This is the Python script we used to analyze the .wav file and get the flag.


import wavefile
import sys
import BitVector

def wav_to_binary(filename = 'file1.wav'):
    w = wavefile.load(filename)
    print("PRINTED: ", w, "LENGTH: ", len(w[1][0]), "\n", "FIRST:", w[1][0][0], "SECOND:", w[1][0][1])
    count = 0
    bits_list = []
    for index in range(len(w[1][0])):
    	if(index == len(w[1][0])-1):

    	# Higher than zero means a high freq frame 
    	# (lower freq frames are negative, barely but sill)
    	if(w[1][0][index] > 0): 
    		count += 1
	    	if(w[1][0][index] != w[1][0][index+1]):
	    		if(count > 739): # LONG = 1
	    		else: # SHORT = 0
	    		count = 0

    print("String length:", len(string),"\nContents:", string)
    bv = BitVector.BitVector(bitstring = string)
    FILEOUT = open("bogus_file", "wb")

    return w[1][0]

signal = wav_to_binary(sys.argv[1])
print("read "+str(len(signal))+" frames")
print("in the range "+str(min(signal))+" to "+str(min(signal)))

Please keep in mind:

At the time we found Leonjza’s post that helped us solve the challenge there was a important typo. The bit values he posted are inverted, that is, SHORT is 0 and LONG is 1.

After solving the challenge with our own script, we found that Leonjza developed a tool for this task and he mentioned it at the end of his post. The tool is called oktools and can automatically analyze the .wav file and give the same output that we managed to get, but it does automatically and fully transparent to the user. We did it the hard way but we learned quite a few things!

Samurai (Stego)

“The general who is skilled in defense hides in the most secret recesses of the earth” Sun Tzu’s Art of War

In this callenge we’re given a image called samurai.png:

After analyzing the .png file with binwalk or foremost we found that it has a .zip file hidden within it. After extracting the zip file (called 27552.zip) and decompressing it, there was a .wav file called wind.wav. We opened the file but this time with Sonic Visualizer. When playing the .wav file it looks just like repetitive noise but lightly different toward the middle. That’s how it looks in Sonic Visualizer:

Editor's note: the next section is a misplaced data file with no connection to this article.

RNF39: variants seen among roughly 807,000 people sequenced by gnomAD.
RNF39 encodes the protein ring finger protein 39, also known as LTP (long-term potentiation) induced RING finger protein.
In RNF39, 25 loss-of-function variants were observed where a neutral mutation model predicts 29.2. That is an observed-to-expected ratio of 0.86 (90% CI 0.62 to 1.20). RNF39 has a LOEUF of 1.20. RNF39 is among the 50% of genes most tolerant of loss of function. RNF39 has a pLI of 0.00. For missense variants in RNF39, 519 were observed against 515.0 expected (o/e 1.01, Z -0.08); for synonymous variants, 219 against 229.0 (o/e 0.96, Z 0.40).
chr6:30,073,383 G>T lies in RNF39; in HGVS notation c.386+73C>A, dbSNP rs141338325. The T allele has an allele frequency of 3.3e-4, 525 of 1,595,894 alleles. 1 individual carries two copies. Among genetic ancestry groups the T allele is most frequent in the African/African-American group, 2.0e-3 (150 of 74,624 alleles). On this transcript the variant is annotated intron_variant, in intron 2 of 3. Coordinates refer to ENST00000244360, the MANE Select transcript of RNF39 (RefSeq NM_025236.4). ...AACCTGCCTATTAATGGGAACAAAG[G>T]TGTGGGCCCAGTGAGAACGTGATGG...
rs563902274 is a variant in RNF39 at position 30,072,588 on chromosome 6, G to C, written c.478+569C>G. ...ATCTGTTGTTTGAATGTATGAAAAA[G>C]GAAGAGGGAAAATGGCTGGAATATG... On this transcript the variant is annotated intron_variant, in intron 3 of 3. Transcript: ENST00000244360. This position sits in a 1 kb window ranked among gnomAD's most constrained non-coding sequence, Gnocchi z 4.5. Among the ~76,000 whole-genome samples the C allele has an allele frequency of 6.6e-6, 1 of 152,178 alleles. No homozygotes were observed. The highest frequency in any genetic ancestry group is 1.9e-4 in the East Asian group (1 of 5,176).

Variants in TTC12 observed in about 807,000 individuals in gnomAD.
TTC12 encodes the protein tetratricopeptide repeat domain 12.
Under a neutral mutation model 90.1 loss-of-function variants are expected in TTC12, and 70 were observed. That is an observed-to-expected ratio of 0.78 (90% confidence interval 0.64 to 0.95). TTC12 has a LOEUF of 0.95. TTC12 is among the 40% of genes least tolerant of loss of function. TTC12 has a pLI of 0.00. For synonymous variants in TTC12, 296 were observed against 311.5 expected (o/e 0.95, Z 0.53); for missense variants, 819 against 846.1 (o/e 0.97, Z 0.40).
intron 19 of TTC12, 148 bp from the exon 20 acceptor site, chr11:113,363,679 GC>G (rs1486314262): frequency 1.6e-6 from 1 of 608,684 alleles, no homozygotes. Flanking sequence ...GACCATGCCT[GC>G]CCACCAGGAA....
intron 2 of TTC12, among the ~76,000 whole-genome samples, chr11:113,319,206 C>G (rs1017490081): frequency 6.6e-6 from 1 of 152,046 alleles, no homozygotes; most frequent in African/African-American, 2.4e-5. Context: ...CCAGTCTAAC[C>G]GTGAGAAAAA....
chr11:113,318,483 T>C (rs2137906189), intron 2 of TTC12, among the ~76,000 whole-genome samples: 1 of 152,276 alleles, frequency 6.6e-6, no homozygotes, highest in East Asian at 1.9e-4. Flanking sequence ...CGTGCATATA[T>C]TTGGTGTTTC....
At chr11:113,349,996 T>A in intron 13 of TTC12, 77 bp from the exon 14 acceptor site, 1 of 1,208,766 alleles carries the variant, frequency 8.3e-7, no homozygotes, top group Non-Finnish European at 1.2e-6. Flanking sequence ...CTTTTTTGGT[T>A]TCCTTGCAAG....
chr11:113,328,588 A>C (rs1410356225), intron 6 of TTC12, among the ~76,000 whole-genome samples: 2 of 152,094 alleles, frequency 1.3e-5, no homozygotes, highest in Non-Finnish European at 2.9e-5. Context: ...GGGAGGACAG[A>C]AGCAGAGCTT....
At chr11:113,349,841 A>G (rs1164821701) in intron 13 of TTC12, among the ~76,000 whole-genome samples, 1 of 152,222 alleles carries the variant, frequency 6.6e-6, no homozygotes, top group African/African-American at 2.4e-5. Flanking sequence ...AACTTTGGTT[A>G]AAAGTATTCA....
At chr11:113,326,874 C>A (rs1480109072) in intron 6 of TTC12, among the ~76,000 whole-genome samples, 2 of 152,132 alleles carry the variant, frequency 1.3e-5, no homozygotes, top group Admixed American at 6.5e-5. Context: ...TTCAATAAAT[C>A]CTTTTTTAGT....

Inspecting the frequency spectrogram (Pane -> Add peak frequency spectrogram) gives us the h-c0n logo and the word SHINOBI.

You can also inspect the spectrogram with Audacity but the results are not as clear as with Sonic Visualizer.

After obtaining the word SHINOBI we tried several things in order to continue toward the flag. Using exiftool we are able to read the metadata of a given file. There’s the output of samurai.png:

Nothing strange except the author’s name. At first we thought it was a troll random string but googling it turns out it’s an actual person and has his/her own git repo! In the repo there are several tools and one of them is called stegpy and is used to encode or retrieve information from images and audio files through steganography.

We installed it and using SHINOBI as password we managed to get the flag:


User Flag and Machine Flag (Boot2Root)

Unfortunately I cannot give full details about this challene (getting the user flag and root flag) because the computers to compromise were shut down once the qualifier ended. Anyways, I’ll write down details about what we did.

We were a link to a page with CMSMS ver 2.2.5 installed. After researching a bit we found out that CMSMS prior to version 2.2.10 has a SQL Injection vulnerability that allows to obtain admin credentials. We used this script from Packet Storm Security in order to obtain the credentials. The script can get the hash of the password but if you want to actually crack it you must provide a wordlist. We used the famous and all powerful Rockyou. After executing the script and providing rockyou as wordlist we are given the admin credentials.

We can nos access the content manager CMSMS with user: admin and password: lalala. Once inside the content manager there are a lot of options and actions the admin can do. After playing around a bit we found out the one that we are looking for is the content manager.